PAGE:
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Background: On March 16, 2016, the U.S. Senate with wide bi-partisan support rejected a legislative proposal introduced by Sen. Roberts (R-KS), Chair of the Senate Committee on Agriculture, to establish a national labeling standard for genetically engineered (GE) products and ingredients that would also preempt any and all state and local initiatives requiring that labeling. The proposal did very little to change the existing voluntary labeling system and its primary purpose was to derail a Vermont mandatory labeling law set to take effect on July 1, 2016. The overwhelming vote to reject the Roberts’ Bill was largely the result of an appeal by millions of consumers nationwide demanding the “right to know” what’s in the food they feed to their families.
Having spent hundreds of millions to defeat the state and local mandatory GE labeling initiatives, the biotechnology and grocery manufacturer lobbies together with the agriculture establishment redoubled their efforts to preempt the Vermont law. Recently a compromise was reached between Sen. Roberts and Sen. Stabenow (D-MI), Ranking Member of the Senate Committee on Agriculture, to establish a national GE labeling standard that would allow food companies to use scannable codes (i.e. QR codes) to label GE products and ingredients instead of the mandatory, on-package labels demanded by consumers. The legislation, with the support of the biotechnology, agriculture and grocery manufacturers, cleared the first hurdle to passage in approving a cloture motion by a vote of 65-32.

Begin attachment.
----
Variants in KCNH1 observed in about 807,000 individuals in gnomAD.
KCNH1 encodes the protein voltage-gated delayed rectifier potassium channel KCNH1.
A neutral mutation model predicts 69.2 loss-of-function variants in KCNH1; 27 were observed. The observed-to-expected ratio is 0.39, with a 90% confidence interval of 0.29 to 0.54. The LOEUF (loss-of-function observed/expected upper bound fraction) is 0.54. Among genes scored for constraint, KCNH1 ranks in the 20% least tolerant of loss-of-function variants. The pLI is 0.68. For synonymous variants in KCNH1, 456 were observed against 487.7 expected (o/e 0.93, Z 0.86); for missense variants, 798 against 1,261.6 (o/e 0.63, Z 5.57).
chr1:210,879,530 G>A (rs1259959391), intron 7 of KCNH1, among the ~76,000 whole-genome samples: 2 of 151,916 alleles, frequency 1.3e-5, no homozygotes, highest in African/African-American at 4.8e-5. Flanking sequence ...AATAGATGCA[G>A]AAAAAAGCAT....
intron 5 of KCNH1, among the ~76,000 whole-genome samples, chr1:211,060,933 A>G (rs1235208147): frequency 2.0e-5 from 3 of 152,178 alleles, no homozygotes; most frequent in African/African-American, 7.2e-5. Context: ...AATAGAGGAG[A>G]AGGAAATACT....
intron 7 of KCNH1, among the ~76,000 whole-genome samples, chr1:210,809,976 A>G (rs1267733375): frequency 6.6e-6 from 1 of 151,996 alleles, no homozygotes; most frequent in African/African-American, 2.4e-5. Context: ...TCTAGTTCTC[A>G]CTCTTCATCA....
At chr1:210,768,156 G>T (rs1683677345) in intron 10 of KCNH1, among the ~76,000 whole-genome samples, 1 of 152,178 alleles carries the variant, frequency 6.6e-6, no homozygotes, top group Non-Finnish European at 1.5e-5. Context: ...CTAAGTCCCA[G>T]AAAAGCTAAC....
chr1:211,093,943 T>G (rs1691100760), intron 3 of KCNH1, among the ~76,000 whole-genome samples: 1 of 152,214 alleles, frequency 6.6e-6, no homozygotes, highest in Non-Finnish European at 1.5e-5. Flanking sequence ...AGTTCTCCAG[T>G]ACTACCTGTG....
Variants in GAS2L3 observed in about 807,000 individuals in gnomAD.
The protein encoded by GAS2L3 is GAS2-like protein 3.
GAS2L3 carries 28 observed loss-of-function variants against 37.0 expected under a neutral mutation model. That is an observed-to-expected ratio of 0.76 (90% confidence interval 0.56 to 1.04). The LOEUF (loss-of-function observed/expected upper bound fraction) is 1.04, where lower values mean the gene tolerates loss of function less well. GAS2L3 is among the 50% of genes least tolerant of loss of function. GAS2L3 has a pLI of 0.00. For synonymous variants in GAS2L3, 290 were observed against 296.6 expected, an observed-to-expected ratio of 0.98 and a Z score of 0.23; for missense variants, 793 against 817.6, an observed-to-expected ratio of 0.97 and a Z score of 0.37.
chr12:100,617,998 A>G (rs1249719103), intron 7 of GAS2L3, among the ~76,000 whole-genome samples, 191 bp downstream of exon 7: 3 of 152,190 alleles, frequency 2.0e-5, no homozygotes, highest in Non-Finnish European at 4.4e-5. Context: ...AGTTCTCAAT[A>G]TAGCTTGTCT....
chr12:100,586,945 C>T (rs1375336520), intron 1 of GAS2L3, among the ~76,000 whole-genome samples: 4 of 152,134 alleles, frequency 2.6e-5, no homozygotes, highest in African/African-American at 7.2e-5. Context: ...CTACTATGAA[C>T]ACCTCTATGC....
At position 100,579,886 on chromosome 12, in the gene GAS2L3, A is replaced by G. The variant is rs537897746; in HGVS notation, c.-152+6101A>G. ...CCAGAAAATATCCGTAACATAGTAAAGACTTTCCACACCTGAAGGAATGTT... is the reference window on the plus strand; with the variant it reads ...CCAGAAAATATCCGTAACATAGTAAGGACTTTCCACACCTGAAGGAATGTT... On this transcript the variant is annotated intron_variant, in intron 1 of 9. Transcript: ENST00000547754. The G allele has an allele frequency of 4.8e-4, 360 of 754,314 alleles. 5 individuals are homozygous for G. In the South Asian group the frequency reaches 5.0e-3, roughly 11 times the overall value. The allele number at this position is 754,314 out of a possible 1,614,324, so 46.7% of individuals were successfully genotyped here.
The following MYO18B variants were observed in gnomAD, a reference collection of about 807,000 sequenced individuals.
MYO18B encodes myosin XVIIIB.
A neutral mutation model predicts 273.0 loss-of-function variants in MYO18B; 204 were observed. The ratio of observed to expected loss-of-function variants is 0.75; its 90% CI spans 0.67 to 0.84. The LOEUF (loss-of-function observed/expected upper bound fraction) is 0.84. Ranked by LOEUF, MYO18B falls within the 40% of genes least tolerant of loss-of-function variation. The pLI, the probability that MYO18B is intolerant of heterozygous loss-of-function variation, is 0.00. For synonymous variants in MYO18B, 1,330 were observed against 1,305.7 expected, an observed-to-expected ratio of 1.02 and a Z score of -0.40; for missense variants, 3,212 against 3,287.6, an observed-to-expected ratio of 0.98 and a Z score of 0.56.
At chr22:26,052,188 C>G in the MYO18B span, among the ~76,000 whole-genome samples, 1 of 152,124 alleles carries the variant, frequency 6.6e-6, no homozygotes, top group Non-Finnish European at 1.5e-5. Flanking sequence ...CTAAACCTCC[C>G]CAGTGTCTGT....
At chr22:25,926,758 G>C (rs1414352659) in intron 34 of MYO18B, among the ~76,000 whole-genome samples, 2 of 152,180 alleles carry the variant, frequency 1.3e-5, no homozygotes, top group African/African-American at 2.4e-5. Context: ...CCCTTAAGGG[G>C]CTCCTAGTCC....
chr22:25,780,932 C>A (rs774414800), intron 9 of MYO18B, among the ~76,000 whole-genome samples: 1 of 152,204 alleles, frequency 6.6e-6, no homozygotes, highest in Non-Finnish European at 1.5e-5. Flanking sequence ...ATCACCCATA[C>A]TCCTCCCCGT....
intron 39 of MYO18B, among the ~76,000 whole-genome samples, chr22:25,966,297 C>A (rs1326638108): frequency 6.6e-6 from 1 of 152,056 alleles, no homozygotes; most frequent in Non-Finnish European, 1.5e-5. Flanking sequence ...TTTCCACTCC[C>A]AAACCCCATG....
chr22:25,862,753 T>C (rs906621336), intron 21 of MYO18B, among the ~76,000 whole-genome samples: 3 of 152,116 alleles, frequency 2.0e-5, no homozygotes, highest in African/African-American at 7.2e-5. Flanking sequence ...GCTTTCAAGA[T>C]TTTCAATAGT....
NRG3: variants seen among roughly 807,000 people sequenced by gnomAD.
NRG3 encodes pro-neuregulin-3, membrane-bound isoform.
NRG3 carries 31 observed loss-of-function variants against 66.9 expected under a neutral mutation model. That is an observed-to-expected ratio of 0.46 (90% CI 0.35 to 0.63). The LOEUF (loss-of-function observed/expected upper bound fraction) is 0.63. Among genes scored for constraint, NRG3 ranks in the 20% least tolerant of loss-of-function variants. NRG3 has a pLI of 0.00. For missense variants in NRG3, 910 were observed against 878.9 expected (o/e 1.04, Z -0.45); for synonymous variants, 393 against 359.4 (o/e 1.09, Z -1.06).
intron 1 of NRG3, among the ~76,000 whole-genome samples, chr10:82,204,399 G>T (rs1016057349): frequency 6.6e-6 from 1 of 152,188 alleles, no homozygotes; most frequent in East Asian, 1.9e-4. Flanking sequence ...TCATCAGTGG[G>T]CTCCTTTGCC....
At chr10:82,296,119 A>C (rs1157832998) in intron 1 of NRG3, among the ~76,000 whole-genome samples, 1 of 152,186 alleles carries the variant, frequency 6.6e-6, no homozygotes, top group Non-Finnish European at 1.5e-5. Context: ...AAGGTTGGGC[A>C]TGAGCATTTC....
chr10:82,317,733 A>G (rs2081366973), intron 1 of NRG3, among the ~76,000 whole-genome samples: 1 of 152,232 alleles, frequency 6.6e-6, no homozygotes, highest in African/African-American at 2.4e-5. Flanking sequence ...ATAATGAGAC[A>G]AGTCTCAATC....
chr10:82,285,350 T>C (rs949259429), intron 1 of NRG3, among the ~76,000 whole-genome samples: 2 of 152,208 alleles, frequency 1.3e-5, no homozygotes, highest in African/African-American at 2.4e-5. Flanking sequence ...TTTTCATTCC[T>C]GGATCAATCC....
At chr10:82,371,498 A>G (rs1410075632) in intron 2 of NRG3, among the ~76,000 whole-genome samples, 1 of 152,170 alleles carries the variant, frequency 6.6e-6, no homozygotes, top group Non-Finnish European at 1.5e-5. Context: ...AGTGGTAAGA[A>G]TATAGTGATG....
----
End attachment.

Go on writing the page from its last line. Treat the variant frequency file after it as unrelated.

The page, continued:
Statement: The following statement is made by Bill Wenzel, U.S. PIRG Agriculture Program Director:
“We are deeply disappointed in the vote yesterday in the Senate that sacrifices Vermont’s mandatory, on-package GE labeling law in favor of QR codes that will leave many elderly, poor and rural residents who lack smart phones and connectivity from information that allow informed decision-making about the ingredients in the food they eat and feed their families. The vote disregarded the voices of millions of consumers who made it clear that QR codes were unacceptable in favor of the special interests that dominate the debate on important national food and farm policy issues. The vote also disregards the warnings from the Food and Drug Administration that the proposed legislation is flawed and could result in its applicability to far fewer GE products and ingredients than the proponents contend. We call on all Senators to re-evaluate their positions and vote “no” on final passage.”
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